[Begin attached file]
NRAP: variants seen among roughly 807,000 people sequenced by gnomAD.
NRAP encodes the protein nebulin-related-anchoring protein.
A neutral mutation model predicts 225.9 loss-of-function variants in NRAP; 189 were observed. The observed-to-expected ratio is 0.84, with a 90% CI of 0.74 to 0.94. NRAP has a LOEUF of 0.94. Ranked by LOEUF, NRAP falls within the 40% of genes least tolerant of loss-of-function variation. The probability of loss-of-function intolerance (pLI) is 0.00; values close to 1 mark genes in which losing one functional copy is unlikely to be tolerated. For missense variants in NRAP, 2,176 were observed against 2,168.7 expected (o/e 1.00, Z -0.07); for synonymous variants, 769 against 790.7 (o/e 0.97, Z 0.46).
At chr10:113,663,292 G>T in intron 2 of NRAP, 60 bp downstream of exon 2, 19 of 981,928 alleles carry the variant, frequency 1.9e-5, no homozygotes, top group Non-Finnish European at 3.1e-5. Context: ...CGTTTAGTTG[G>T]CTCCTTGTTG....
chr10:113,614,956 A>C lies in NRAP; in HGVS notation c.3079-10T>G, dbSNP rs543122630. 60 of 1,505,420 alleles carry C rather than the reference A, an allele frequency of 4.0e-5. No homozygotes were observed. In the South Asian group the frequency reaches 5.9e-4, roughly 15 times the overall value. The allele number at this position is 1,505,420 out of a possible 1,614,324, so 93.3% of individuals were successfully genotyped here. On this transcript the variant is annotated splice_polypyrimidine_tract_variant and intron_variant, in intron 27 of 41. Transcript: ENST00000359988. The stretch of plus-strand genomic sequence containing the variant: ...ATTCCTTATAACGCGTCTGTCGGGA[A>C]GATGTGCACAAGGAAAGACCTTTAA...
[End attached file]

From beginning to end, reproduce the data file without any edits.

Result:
NRAP: variants seen among roughly 807,000 people sequenced by gnomAD.
NRAP encodes the protein nebulin-related-anchoring protein.
A neutral mutation model predicts 225.9 loss-of-function variants in NRAP; 189 were observed. The observed-to-expected ratio is 0.84, with a 90% CI of 0.74 to 0.94. NRAP has a LOEUF of 0.94. Ranked by LOEUF, NRAP falls within the 40% of genes least tolerant of loss-of-function variation. The probability of loss-of-function intolerance (pLI) is 0.00; values close to 1 mark genes in which losing one functional copy is unlikely to be tolerated. For missense variants in NRAP, 2,176 were observed against 2,168.7 expected (o/e 1.00, Z -0.07); for synonymous variants, 769 against 790.7 (o/e 0.97, Z 0.46).
At chr10:113,663,292 G>T in intron 2 of NRAP, 60 bp downstream of exon 2, 19 of 981,928 alleles carry the variant, frequency 1.9e-5, no homozygotes, top group Non-Finnish European at 3.1e-5. Context: ...CGTTTAGTTG[G>T]CTCCTTGTTG....
chr10:113,614,956 A>C lies in NRAP; in HGVS notation c.3079-10T>G, dbSNP rs543122630. 60 of 1,505,420 alleles carry C rather than the reference A, an allele frequency of 4.0e-5. No homozygotes were observed. In the South Asian group the frequency reaches 5.9e-4, roughly 15 times the overall value. The allele number at this position is 1,505,420 out of a possible 1,614,324, so 93.3% of individuals were successfully genotyped here. On this transcript the variant is annotated splice_polypyrimidine_tract_variant and intron_variant, in intron 27 of 41. Transcript: ENST00000359988. The stretch of plus-strand genomic sequence containing the variant: ...ATTCCTTATAACGCGTCTGTCGGGA[A>C]GATGTGCACAAGGAAAGACCTTTAA...